Divorce during Covid: A Checklist for Women

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The Covid-19 pandemic has spurred divorce petitions in India, triggering a heated debate on how patriarchy, social systems and attitudes choke the vulnerable. Here’s a seemingly functional guide for those who want to say enough is enough.

The Covid-induced new world order has pushed up divorce rates across the world during the past six months. For instance, the United States recorded a 34% spike in the number of people looking for annulment of marriage during this March-June vis-à-vis the year-ago period. These four months were when the novel coronavirus imposed restrictions on people’s movements and left many homebound for periods longer than usual.

India is no exception.

The lockdown triggered a similar trend in parts of India as well. More so among the middle/upper classes who live in cities.

For instance, within ten weeks of a ‘shut existence’, Mumbai reported a nearly three-fold increase in cases pertaining to divorce. From an average of 1,280 cases in a month, their numbers went up to it 3,480 in early June this year.

Second, in the spot, city-wise in the country was Delhi.

Simultaneously, urban centres in India clocked a rise in legal cases related to retrenchment and pay slash. The two developments aren’t unrelated. 

What are the key reasons behind the spike in divorce cases during Covid? N13 spoke to experts and read reliable reports to come to certain conclusions (This article mainly focusses on couples who do not have children) 

Reasons for the spurt

The coronavirus has proven to be not just a threat to life. The pandemic has altered intra-family relations, more so spousal. Together, these have strained the ties between the husband and wife

* Domestic abuse

In America, as early as in March this year, the National Domestic Violence Hotline got an increasing number of calls, saying their abusers are further isolating them from friends and family by using Covid-19 as an excuse. A surge in such reports led the organization to develop new strategies that can ensure support to the victims under lockdown.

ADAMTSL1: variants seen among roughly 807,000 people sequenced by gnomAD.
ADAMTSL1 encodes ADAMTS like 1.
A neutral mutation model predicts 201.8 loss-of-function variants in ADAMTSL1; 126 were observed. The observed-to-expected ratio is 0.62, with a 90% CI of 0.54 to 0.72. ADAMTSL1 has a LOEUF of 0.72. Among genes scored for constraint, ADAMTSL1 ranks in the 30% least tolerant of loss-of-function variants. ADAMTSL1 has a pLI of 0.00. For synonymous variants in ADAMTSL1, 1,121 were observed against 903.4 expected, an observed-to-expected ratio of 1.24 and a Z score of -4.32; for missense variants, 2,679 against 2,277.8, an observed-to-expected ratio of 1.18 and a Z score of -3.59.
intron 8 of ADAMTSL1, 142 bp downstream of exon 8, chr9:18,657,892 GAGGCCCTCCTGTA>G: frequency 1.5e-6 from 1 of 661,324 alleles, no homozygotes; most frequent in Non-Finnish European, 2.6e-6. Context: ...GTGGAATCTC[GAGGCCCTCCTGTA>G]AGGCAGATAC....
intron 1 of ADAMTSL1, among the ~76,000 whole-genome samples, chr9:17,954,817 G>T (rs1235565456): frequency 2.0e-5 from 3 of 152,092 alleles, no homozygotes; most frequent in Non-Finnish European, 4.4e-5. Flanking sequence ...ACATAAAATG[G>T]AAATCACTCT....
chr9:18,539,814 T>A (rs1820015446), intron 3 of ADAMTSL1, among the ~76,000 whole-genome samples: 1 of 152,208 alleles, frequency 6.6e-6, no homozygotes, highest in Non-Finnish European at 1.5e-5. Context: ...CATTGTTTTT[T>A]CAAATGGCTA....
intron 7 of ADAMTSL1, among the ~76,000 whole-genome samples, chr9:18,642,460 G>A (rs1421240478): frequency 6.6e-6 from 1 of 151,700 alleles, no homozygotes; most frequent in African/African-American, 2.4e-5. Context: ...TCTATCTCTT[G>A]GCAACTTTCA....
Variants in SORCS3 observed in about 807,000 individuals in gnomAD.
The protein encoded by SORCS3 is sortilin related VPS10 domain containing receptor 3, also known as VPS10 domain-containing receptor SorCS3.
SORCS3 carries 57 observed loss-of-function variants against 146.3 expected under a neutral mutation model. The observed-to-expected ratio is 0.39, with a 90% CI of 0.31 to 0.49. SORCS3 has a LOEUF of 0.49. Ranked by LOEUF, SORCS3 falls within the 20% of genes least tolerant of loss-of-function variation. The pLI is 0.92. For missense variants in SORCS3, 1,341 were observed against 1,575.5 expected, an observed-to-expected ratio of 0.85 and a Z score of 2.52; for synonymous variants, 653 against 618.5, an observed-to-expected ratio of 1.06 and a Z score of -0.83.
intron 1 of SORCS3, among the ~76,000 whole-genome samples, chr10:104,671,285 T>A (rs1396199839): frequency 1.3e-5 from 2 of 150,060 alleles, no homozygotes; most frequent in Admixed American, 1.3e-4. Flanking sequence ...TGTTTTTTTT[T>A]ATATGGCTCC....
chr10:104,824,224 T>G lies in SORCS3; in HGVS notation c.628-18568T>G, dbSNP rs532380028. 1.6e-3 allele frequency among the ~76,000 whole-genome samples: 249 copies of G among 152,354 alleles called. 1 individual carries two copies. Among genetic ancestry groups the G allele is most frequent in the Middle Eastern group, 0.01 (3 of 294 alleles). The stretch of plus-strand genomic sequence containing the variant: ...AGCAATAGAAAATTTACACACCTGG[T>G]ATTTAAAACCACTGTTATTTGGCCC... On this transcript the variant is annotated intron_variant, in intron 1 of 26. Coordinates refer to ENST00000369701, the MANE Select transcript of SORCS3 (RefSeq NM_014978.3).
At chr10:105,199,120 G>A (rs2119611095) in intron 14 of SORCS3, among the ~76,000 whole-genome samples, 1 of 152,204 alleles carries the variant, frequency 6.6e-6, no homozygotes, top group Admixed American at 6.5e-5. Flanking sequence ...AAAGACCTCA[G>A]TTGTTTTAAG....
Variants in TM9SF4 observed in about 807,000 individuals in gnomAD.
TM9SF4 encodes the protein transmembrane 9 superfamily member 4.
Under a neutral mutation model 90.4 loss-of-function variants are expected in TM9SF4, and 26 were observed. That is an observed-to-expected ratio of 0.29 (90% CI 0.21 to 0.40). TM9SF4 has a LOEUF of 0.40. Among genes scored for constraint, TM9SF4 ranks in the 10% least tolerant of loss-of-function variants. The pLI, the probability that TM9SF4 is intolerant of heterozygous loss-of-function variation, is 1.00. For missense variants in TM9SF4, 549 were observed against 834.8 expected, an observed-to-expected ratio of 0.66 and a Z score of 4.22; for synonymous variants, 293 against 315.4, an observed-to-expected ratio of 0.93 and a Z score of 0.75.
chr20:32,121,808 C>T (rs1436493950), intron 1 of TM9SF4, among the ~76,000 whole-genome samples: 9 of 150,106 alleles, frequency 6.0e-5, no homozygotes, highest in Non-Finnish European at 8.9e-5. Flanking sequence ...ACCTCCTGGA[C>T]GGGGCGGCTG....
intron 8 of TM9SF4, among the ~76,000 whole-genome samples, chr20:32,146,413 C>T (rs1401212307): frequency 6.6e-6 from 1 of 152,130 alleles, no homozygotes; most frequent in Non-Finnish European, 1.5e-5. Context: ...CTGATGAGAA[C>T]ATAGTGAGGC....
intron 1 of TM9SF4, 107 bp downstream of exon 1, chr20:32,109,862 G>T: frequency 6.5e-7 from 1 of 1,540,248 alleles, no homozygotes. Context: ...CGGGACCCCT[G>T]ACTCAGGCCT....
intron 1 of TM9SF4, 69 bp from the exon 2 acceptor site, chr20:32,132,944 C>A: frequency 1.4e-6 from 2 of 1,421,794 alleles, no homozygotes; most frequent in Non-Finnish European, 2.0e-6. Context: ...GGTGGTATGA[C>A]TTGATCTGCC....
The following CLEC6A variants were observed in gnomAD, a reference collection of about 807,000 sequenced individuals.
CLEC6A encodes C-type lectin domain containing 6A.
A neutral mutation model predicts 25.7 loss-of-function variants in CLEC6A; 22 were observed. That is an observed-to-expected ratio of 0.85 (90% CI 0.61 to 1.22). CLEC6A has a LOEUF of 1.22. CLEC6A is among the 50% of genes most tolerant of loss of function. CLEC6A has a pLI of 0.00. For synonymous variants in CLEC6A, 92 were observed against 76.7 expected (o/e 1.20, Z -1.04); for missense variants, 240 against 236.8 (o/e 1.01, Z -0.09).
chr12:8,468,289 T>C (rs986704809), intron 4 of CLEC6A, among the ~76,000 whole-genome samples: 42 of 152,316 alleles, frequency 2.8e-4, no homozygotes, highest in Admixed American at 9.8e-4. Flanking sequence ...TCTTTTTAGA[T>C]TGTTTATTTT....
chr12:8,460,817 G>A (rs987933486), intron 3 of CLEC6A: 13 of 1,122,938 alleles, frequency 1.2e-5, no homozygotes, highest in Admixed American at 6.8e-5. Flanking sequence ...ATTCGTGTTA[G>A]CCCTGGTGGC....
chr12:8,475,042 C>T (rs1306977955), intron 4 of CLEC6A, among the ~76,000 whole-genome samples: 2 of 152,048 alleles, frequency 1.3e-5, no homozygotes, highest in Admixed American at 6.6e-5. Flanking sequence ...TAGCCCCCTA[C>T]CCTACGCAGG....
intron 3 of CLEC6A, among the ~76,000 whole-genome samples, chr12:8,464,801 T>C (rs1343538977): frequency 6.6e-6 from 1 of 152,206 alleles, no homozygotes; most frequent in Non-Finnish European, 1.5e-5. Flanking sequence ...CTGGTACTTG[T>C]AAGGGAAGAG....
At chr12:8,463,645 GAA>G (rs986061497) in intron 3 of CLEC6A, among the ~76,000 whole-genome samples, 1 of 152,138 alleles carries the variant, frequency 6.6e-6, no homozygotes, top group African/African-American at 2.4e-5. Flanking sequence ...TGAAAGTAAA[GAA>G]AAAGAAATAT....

* Job loss

The economy, especially the services sector, registered a shrinkage in activity with the clamp of the lockdown in March. It did ease by October following a phased unlock, but demand went on to take the graph of contraction. This led firms to cut more jobs. The resultant slump in family income has made domestic relations unpleasant and even volatile.

* Bereavement woes

Covid death toll in India crossed 1.2 lakh in India this week. For ones near and dear to the deceased, life has become increasingly difficult. The emotional strain is showing its bearing on marital lives as well. Spouses become the easiest targets.

* Prolonged togetherness

As work-from-home has become increasingly the norm, couples spend more time together than in pre-Covid times. Resultantly, there is less tolerance and, hence, the propensity of (otherwise) minor irritants to snowball into big issues. Dormant characteristics find vocal exposure during this period.

Safeguard tips

India doesn’t follow a uniform law for divorce; the grounds and procedures are dependent on personal laws based on the religions of the parties. They exist as Hindu Marriage Act, 1955; Dissolution of Muslim Marriages Act, 1939, Indian Divorce Act, 1869 (for Christians) and Parsi Marriage and Divorce Act, 1936, among others, besides the provisions of Special Marriages Act, 1954 for inter-caste and inter-religious marriages. The grounds include adultery, cruelty, desertion, insanity and presumed death.

What can be done?

Here are steps that can check women from losing finances in the event of a divorce.

* A Muslim wife is entitled to maintenance till the iddat period, while the mehr (dower) will be the figure agreed to at the time of marriage. For a Christian divorcee, the husband is liable to pay maintenance until the woman’s lifetime. In the case of Parsis, the court can award a maximum of one-fifth of the husband’s net income for the wife’s lifetime

Age-old perceptions

India’s divorce rates in 2017 stand at less than 1% (vis-à-vis 50% in the US), figuring at the bottom of the list of countries in the matter. The reasons for the low percentage include social values (‘Husband is god’, ‘Marital bond is sacred’, ‘We must live together for our children’), patriarchy (where women lead an inherently subdued life), low female workforce participation (which makes women financially dependent), kangaroo courts (panchayats as mediators) and social mores (taboo attached to divorce).

Also read: Considering a Coronavirus Divorce? You’re in Good Company 

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